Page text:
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Amazon Ads: Basics & Basics simply explained
In order to successfully run Amazon Sponsored Products campaigns, one must understand the basic control elements. You can only use them optimally if you know how they work, what their advantages and disadvantages are and what they are used for.
In this article we therefore clearly explain the most important control elements of Sponsored Products:
- Search terms vs. keywords
- Campaign types
- Keyword Match Types
- Negative keywords
CPC bids and their control are explained separately in a following article.
Search terms vs. keywords
In short, search terms are what the customer enters and keywords are the terms on which one bids as a dealer.
Sponsored products ads are displayed when a customer uses the Amazon search (either in the search result or later on the product detail page). The terms that the customer uses in the Amazon search are the so-called "search terms". Dealers can specify the search terms for which they want to appear with an advertisement. To do this, the dealers define “keywords” on which they place a bid for the price per click. If the customer's search term matches the retailer's keyword sufficiently, then the advertisement can be displayed.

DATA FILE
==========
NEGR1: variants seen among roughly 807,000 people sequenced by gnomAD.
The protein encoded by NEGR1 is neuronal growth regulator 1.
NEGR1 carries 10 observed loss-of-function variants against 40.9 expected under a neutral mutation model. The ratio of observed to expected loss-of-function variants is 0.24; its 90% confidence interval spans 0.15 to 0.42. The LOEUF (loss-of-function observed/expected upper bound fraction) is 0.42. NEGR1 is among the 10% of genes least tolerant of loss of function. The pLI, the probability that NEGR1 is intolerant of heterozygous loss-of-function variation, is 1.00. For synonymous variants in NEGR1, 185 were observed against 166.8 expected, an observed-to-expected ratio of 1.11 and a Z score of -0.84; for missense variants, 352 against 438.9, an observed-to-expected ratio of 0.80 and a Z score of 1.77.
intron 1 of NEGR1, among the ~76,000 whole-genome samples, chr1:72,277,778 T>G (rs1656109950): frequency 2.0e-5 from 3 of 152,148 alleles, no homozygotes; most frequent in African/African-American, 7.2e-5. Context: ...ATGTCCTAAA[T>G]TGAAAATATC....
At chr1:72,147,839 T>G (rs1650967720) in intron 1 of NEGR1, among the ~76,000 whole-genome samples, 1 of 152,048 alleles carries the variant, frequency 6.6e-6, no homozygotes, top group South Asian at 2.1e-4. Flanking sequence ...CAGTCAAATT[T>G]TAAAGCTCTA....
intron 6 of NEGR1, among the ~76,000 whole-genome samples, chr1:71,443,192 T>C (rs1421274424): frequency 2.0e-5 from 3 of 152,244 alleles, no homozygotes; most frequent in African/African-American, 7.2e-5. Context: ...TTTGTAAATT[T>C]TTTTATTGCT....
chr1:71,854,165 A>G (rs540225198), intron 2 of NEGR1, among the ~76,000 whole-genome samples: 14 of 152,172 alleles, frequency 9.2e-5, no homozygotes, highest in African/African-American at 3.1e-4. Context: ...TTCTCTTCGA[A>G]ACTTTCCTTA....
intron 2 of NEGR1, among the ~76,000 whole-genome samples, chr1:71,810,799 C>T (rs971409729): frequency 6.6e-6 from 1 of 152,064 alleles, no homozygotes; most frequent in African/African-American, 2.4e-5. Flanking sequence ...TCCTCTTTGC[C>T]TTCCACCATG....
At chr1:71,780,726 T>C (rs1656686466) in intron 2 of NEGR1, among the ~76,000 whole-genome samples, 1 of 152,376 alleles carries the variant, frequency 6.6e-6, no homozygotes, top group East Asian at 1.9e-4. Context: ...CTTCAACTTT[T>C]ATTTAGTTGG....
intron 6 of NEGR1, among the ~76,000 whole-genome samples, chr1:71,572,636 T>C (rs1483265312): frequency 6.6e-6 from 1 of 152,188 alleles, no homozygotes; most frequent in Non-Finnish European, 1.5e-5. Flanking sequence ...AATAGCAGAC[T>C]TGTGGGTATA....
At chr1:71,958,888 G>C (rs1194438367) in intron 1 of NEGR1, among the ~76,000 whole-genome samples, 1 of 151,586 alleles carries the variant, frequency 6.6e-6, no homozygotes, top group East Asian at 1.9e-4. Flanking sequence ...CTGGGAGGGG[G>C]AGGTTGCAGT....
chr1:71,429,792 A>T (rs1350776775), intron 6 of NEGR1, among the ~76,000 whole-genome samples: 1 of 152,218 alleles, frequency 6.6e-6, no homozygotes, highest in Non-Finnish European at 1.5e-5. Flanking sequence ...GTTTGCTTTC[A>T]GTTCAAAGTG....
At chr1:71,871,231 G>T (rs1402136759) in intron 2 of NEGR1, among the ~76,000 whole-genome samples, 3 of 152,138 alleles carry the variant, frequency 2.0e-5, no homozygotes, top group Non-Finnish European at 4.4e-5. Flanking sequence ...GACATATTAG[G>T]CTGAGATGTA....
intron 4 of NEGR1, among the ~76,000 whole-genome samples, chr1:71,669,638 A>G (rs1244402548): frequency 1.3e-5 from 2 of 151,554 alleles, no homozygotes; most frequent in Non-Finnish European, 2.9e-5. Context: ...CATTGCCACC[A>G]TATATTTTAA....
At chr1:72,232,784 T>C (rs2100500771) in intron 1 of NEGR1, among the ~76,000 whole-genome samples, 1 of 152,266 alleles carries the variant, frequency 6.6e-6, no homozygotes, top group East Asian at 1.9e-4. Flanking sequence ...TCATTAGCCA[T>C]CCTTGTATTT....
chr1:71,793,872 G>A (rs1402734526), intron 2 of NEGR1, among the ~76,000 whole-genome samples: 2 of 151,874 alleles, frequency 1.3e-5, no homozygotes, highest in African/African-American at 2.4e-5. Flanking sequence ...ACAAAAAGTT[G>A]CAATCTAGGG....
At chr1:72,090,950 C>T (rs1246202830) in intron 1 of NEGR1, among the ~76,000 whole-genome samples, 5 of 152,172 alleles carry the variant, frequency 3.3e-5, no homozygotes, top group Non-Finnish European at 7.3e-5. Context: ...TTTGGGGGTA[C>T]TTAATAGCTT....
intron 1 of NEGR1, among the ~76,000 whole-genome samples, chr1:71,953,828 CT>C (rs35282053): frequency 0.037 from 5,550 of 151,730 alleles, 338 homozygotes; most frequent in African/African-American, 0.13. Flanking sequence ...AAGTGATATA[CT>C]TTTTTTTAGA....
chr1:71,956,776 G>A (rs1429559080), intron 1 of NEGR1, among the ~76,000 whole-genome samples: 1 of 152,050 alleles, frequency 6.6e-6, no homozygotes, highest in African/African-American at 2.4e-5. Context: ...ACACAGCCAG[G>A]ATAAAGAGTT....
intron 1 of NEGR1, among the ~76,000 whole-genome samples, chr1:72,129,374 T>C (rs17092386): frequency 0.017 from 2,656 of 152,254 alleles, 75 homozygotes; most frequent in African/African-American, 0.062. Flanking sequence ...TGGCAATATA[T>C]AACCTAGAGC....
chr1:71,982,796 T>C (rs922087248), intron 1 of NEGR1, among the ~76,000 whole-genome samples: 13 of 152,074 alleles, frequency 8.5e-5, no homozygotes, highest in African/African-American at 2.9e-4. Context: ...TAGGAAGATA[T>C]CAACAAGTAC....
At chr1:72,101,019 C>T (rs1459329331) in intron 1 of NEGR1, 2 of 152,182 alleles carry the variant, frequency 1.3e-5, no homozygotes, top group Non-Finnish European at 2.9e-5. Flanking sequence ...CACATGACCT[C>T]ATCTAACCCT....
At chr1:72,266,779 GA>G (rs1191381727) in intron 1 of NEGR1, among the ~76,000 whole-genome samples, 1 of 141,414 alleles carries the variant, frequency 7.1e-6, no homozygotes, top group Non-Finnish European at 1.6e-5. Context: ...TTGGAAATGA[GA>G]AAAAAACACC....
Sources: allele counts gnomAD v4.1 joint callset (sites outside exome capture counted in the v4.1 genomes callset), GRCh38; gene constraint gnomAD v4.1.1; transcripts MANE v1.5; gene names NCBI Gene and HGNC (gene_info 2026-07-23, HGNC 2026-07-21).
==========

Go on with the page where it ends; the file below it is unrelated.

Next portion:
It is important to understand that search terms and keywords do not always have to be the same. This may sound strange at first - after all, as a retailer, you bid on a keyword and then appear there when a customer searches for it - but it makes perfect sense that keywords and search terms can also differ. For example, if the customer makes an input error and enters "wallet" instead of "wallet", Amazon will still display the ad if a retailer bids on "wallet". In this case, the keyword is “wallet” and the search term is “wallet”. As a retailer, you can also use the so-called "match types" to influence the level of control yourself. These are explained in the next paragraph.
Match Types - Set ad spread
Match types are used to determine the degree of correspondence between the keyword and the search term so that an advertisement can appear. This can be used to control how many different search terms per keyword an ad can be displayed. There are 3 different match types in which advertisements appear under the following conditions:
- Wide: Search term contains all components of the keyword in one any sequence
- Phrase: Search term contains all components of the keyword in the same sequence